If there’s one thing I’m afraid of, it’s paying bills. Hydro, cell phone, TV, Internet, car insurance, the list goes on. As the Financial Literacy Action Group (FLAG) has dubbed November “Financial Literacy Month,” I would like to ask just how FLAG would read my situation: I work at a chain retail store, coach dance on the side and attend school full time; how am I supposed to afford the rising cost of living? While Credit Canada would offer up some sort of budget plan, I’d like to argue that I simply couldn’t. But I don’t have to – not as long as my parents have a home with room for a futon.
Many 20-somethings have opted out of heading into the big, scary world on their own as their elders have previously (bravely) done. For some, this sounds completely sensible. For others, the notion that a person over the age of 18 is living with his or her parents is unimaginable. Who’s to say what’s right? Is there an age at which parents must cut off their children from access to the home? Contrary to my Grandmother’s belief, staying at home during your 20s might just be the smartest thing a student can do.
If you pay attention to current news, you know two things: Rob Ford is in a pickle, and our economy isn’t stellar. Inflation isn’t slowing down and you can forget about job-hunting because there’s little employment. Without a steady job equipped with a pension, benefits and above-minimum wage pay, the cost of living is overwhelming. Now, imagine you’re 23. You have $30,000 of student debt. Numerous bills to pay. By living with your parents, one can at least take the stress of paying hefty bills out of the equation of life during or after college.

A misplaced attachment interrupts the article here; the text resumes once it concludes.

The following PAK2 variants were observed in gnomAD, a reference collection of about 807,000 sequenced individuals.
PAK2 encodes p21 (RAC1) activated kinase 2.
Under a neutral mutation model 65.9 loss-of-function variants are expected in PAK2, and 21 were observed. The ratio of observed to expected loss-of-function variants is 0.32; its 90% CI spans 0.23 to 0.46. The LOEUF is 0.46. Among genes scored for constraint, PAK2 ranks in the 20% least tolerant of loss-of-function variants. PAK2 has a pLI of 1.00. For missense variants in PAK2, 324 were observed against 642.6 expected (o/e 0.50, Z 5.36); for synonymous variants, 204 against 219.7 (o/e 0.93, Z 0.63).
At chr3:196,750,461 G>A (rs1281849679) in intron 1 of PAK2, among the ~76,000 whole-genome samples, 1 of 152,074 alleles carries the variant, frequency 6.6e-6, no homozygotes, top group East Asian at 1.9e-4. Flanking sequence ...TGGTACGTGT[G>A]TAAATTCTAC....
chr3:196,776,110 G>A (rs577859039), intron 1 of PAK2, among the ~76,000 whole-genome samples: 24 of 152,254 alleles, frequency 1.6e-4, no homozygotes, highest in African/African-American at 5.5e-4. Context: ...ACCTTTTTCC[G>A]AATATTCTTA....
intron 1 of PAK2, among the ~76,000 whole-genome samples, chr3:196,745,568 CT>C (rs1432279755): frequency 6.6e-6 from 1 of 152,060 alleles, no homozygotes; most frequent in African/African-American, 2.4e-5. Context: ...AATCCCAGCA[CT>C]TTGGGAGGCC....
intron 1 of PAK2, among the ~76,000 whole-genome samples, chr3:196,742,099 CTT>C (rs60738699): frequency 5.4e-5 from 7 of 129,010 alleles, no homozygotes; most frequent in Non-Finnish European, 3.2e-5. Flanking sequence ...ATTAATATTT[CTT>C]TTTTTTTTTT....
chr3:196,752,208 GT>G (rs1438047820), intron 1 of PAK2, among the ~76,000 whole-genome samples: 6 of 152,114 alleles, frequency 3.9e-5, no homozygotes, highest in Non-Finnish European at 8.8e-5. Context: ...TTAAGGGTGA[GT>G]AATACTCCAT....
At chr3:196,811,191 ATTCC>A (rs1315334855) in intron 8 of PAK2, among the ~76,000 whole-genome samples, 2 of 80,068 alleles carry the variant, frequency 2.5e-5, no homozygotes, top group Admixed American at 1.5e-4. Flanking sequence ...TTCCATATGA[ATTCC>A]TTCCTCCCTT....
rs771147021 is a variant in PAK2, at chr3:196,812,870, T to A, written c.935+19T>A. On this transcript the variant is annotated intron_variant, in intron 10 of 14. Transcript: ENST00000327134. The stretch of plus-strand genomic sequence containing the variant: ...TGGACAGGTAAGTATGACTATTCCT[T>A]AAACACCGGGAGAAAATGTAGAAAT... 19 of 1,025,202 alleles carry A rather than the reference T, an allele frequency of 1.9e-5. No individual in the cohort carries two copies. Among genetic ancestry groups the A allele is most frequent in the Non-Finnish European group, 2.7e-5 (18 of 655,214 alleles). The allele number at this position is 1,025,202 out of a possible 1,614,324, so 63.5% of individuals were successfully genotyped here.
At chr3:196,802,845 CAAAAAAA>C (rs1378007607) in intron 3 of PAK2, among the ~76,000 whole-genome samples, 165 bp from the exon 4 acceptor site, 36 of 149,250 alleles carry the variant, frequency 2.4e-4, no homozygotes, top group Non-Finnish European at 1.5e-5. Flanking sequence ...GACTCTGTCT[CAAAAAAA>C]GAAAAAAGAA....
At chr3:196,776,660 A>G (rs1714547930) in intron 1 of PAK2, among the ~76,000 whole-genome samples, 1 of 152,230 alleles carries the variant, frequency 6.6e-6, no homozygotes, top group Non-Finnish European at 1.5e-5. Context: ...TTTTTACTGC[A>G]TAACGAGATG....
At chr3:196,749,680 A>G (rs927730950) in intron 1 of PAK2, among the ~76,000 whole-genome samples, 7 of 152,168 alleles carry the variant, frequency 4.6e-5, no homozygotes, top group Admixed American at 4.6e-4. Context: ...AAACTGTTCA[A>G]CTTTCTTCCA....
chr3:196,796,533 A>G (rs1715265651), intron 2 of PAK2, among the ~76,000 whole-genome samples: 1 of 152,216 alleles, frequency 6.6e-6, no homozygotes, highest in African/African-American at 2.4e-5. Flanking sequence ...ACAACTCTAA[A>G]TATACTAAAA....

If you’re not sold yet, a gander at the Canadian Federation of Students’ website reveals that the average student owes almost $27,000 after graduation. With that figure in mind, it’s hard to argue against staying with your parents. It seems to be the least stressful way of dealing with overwhelming student loans.
Yes, staying at home while going to school, shortly after graduating, or saving up the money in order to rent your first, mouldy, creaking-door apartment is an educated decision to make. But let’s get one thing straight: I don’t see the point in living with your parents if you’ve earned enough money to live on your own or with roommates. Aren’t you ready to leave the nest? Relying on your parents for some emotional stability and support throughout life is completely acceptable. Relying on them for total financial support? Nuh-uh.
Independence is calling, young Jedi. Answer the call.
Samantha is a second year Creative Communications student at the University of Winnipeg.